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Jer

A friend's 3D animation agency has produced work for Archer for several seasons now (from here in the Midwest), but I still can't find a solid reason to watch it.

January 16, 2014 at 5:06PM, Edited September 4, 11:45AM

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Zan Shin

I wonder what animation program(s) they use. Any ideas?

January 16, 2014 at 5:34PM, Edited September 4, 11:45AM

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Zan, have you watched it? If you did and didn't find it humorous, that's ok... If you haven't watched it, you're missing 30 minutes of escape and humor.

Aesthetically, I wonder why the animators/creators choose to use such a thick outline for the characters. It's an interesting choice. I'd prefer a thinner line. Love the show through and through.

January 17, 2014 at 9:53AM, Edited September 4, 11:45AM

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Herschel

I think the super thick outlines and all of the anachronisms of the show create an awesome unique aesthetic. The writing and character development is also fantastic.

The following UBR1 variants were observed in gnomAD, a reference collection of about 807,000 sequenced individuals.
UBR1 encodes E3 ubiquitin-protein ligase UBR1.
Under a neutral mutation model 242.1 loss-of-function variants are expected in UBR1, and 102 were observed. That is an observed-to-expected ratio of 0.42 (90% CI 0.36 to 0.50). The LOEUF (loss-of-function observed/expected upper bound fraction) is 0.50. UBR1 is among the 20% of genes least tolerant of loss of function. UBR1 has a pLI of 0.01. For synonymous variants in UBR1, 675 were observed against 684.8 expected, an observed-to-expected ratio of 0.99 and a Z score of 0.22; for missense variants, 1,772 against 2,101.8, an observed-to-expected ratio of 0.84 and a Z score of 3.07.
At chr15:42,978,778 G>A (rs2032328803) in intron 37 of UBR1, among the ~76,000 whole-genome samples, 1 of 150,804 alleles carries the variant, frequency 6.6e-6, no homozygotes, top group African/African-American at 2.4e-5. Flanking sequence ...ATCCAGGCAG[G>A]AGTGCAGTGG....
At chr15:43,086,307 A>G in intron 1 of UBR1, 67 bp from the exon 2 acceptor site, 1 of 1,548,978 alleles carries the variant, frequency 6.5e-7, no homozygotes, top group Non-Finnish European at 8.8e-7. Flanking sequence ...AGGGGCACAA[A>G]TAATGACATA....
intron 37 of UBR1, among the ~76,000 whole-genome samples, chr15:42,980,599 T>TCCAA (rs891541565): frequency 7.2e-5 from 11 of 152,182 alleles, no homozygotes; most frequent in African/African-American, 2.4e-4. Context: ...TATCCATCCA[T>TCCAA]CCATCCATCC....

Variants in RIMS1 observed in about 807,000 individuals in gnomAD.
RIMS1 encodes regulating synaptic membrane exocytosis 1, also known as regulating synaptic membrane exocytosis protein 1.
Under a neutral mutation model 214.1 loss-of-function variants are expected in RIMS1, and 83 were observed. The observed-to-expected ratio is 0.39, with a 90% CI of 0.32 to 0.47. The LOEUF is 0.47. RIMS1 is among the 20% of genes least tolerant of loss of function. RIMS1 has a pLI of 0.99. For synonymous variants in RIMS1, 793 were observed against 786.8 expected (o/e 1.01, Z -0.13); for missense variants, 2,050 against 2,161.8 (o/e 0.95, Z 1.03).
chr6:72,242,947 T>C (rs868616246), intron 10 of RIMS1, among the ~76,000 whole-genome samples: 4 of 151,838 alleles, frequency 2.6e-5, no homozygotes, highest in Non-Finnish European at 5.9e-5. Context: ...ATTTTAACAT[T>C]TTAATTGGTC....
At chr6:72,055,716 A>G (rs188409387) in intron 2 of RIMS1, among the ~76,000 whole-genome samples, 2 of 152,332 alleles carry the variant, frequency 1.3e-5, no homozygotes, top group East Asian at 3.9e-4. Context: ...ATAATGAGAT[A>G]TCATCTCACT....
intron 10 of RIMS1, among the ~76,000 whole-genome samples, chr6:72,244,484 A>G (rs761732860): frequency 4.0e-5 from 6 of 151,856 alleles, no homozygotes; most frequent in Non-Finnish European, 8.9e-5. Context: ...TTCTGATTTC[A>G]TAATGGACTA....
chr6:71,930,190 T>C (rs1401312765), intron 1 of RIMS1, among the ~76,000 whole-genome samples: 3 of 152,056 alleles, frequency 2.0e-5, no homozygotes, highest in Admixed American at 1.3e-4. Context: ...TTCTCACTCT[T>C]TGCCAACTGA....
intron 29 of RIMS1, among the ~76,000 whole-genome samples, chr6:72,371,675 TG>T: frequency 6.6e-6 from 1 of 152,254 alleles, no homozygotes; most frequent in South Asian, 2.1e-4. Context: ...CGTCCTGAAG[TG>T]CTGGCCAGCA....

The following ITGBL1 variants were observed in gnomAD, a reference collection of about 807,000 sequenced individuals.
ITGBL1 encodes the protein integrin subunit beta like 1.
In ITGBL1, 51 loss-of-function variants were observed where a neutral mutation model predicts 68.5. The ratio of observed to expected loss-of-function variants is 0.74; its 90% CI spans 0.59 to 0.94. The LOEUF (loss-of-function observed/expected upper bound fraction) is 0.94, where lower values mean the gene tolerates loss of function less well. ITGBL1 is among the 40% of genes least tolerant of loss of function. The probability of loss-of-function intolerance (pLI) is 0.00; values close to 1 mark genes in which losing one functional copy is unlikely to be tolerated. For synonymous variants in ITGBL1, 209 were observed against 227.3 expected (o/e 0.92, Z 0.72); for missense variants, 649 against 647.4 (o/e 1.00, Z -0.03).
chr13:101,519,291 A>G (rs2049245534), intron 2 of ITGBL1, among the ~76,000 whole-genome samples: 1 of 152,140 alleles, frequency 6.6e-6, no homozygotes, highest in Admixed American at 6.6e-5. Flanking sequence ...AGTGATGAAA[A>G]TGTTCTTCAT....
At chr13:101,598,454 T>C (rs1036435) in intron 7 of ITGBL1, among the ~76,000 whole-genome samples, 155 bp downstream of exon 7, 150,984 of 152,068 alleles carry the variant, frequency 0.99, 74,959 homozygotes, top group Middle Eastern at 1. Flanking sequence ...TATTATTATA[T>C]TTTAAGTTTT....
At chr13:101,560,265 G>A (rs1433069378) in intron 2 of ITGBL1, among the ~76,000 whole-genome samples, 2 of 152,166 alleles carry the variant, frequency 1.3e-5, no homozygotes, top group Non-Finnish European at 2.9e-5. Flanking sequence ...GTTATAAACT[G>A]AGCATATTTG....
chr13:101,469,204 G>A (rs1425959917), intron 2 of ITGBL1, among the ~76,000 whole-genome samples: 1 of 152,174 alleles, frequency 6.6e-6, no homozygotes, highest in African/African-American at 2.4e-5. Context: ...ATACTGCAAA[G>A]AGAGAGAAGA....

January 17, 2014 at 10:48AM, Edited September 4, 11:45AM

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Pat

Not sure why you think guys over 35 don't still have man-child sensibilities. :-P One of the best shows on.

January 17, 2014 at 3:22PM, Edited September 4, 11:45AM

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Kevin

I've watched every episode of Archer and have been impressed from the beginning with its simplicity and effectiveness. To me, everything is in the eyes and eyebrows. Very little "full" animation is necessary. Like comic strips in the papers, the raised eyebrow, slightly more open eye or squinted in anger, tells the story.